Financial roundup

Unilever and Arla UK brace for commodity cost hit

By Rod Addy contact

- Last updated on GMT

Jope: 'We see a bright future ahead for both nutrition and ice cream inside Unilever'
Jope: 'We see a bright future ahead for both nutrition and ice cream inside Unilever'

Related tags: Dairy, frozen, Ambient, Finance

Unilever expects its commodity costs to rise by £3bn in 2022, claiming the price of soybean oil doubled in 2021, while Arla has predicted cost inflation will cause 'a slowdown in branded growth'.

Both companies warned of the direction of the market as they reported full-year results.

Unilever

Speaking to shareholders after Unilever's figures were revealed, chief executive officer Alan Jope said: "We're seeing doubling of costs on a variety of agricultural raw materials, petrochemical-derived raw materials, energy. You know the data on freight and distribution - it's up by multiples - packaging components ... We're looking at €3.6bn of cost increases on those input costs."

Jope said Unilever had managed to partly offset cost increases in 2021 by increasing prices of products on retail shelves. Looking forward to the coming year, he added: "We're actually in the middle of the cycle of retailer negotiations at the moment and the exact pricing that we land in Europe will be a consequence of the outcome of those negotiations, although I think there's an awakening reality in European retail that it is going to be necessary for prices to go up ..."

Listing some key commodities Unilever purchased, chief financial officer Graeme Pitkethly said crude oil had risen by 60% in price and palm oil cost had increased by 130%. Soy bean oil, which Unilever uses in its dressings, had doubled in price. Shanghai freight costs were five times higher than the previous year and US transport costs had doubled.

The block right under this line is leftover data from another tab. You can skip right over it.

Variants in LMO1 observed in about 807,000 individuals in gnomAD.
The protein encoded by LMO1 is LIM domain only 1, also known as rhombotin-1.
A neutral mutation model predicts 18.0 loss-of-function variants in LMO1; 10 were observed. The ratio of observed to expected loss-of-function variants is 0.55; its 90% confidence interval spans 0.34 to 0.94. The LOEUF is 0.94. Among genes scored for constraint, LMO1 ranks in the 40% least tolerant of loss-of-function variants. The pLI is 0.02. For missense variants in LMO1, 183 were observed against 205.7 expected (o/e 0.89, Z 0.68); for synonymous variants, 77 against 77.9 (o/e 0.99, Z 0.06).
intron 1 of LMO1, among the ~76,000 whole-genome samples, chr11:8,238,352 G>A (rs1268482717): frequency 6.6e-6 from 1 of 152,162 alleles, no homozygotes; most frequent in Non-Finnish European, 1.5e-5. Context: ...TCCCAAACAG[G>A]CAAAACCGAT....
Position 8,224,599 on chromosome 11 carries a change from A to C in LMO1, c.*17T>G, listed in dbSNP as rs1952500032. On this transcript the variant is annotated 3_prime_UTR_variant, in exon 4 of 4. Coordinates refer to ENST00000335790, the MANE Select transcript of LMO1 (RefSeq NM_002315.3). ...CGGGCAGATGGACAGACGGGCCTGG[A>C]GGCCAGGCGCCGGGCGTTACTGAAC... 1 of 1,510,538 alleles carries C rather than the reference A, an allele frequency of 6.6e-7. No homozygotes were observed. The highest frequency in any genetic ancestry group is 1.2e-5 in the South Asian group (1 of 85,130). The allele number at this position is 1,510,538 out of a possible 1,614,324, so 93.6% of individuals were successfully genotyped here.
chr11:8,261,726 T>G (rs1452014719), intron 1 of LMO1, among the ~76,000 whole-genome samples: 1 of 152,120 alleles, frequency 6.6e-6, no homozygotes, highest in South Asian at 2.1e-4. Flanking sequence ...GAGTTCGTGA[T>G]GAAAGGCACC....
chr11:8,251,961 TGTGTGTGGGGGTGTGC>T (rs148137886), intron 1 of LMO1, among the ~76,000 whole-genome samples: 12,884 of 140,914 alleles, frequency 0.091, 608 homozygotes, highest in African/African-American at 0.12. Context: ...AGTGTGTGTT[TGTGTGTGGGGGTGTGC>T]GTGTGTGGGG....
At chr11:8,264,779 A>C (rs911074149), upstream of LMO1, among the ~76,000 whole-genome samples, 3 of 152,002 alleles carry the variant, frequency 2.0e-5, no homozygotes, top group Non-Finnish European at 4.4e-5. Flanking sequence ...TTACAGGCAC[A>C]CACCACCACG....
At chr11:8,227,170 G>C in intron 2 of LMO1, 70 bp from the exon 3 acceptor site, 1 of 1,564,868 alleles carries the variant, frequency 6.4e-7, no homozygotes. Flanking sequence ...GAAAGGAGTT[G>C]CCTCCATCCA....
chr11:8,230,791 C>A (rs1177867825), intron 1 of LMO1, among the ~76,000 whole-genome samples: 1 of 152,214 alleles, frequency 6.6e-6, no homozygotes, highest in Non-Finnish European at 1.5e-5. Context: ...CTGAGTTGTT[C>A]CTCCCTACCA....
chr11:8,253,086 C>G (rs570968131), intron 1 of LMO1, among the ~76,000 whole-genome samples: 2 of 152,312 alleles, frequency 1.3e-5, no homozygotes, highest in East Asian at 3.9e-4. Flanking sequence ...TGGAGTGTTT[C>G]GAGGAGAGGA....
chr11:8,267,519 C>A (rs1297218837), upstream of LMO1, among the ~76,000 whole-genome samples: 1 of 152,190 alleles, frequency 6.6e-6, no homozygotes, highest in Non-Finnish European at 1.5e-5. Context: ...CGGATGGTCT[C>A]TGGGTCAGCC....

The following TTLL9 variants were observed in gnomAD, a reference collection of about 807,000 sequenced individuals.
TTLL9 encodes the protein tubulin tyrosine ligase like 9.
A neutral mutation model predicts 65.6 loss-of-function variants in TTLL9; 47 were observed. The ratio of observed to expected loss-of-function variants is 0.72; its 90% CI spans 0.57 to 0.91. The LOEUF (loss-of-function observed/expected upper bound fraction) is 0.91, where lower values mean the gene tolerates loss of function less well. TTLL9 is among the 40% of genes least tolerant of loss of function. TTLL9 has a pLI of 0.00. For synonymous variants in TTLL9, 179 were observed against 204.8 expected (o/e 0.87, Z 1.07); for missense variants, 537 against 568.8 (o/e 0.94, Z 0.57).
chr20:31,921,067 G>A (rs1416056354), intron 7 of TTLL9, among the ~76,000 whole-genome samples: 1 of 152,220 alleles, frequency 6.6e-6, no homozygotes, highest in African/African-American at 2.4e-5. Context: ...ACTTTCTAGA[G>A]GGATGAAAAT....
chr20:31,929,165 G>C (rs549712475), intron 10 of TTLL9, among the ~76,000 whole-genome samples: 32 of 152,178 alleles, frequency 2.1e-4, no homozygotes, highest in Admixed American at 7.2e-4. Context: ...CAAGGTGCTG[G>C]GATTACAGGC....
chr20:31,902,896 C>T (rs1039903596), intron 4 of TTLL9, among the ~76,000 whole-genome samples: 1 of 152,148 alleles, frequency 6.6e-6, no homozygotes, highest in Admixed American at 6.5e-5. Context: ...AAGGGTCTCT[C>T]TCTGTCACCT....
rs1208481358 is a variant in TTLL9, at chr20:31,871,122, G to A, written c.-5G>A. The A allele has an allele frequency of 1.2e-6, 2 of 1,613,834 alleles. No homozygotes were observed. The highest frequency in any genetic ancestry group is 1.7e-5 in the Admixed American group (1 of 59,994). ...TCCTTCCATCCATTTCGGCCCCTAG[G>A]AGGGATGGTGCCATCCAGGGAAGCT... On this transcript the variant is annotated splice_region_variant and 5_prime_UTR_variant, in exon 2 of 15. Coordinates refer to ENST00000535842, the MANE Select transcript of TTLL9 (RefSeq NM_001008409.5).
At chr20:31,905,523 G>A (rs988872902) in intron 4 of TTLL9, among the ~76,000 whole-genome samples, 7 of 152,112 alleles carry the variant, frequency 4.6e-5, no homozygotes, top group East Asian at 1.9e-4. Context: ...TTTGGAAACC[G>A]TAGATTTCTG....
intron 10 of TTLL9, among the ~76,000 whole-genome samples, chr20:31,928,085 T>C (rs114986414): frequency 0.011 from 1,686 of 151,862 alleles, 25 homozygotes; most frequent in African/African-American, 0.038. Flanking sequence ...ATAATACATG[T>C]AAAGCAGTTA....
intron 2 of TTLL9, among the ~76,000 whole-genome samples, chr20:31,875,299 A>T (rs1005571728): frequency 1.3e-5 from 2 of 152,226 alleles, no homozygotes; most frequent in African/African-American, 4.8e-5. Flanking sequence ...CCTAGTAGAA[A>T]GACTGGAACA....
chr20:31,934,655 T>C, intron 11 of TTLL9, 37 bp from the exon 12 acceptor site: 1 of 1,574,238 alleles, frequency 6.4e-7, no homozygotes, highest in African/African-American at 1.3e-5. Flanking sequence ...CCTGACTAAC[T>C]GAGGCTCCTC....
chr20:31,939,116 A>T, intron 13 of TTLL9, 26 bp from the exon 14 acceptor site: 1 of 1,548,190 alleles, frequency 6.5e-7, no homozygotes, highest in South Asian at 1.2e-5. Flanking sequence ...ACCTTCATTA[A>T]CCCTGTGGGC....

The company was only able to hedge 40% of the commodities it bought. Prices had been hedged for 90% of those in the first financial quarter of the coming year, 70% of them in the second financial quarter and 30% for the remaining quarters.

Pitkethly said there would be a lag between tackling commodity cost increases and clawing back the impact on profit margins. "We do not expect to offset inflation in 2022 alone, but we do expect that margin will be restored after 2022, with a majority coming back in 2023."

Jope moved to quash rumours that Unilever's restructure into five divisions, including nutrition and food and refreshment, was a precursor to divesting its entire food portfolio. "Both nutrition and ice cream are great businesses with strong brands that can thrive within Unilever. Both have benefitted from our focus on operational excellence and have performed particularly strongly during the pandemic.

"We have already stepped up their growth profile through the divestment of spreads and the Ekaterra tea business. The new operating model will give them even more power to drive performance by responding to the consumer and channel dynamics that are unique to each of those business groups ... We see a bright future ahead for both nutrition and ice cream inside Unilever."

Magnum and Ben & Jerry's brands each nailed high single-digit global sales growth. Food solutions - Unilever's foodservice segment - delivered double-digit growth. In-home food saw low single-digit price-led growth, following elevated demand and double-digit growth in 2020. The company's largest food brand Knorr achieved high single-digit percentage growth across in-home and out-of-home channels through innovations such as zero-salt stock cubes. Dressings brand Hellmann's recorded double digit growth for the second year in succession. The retained tea business reported double-digit percentage growth.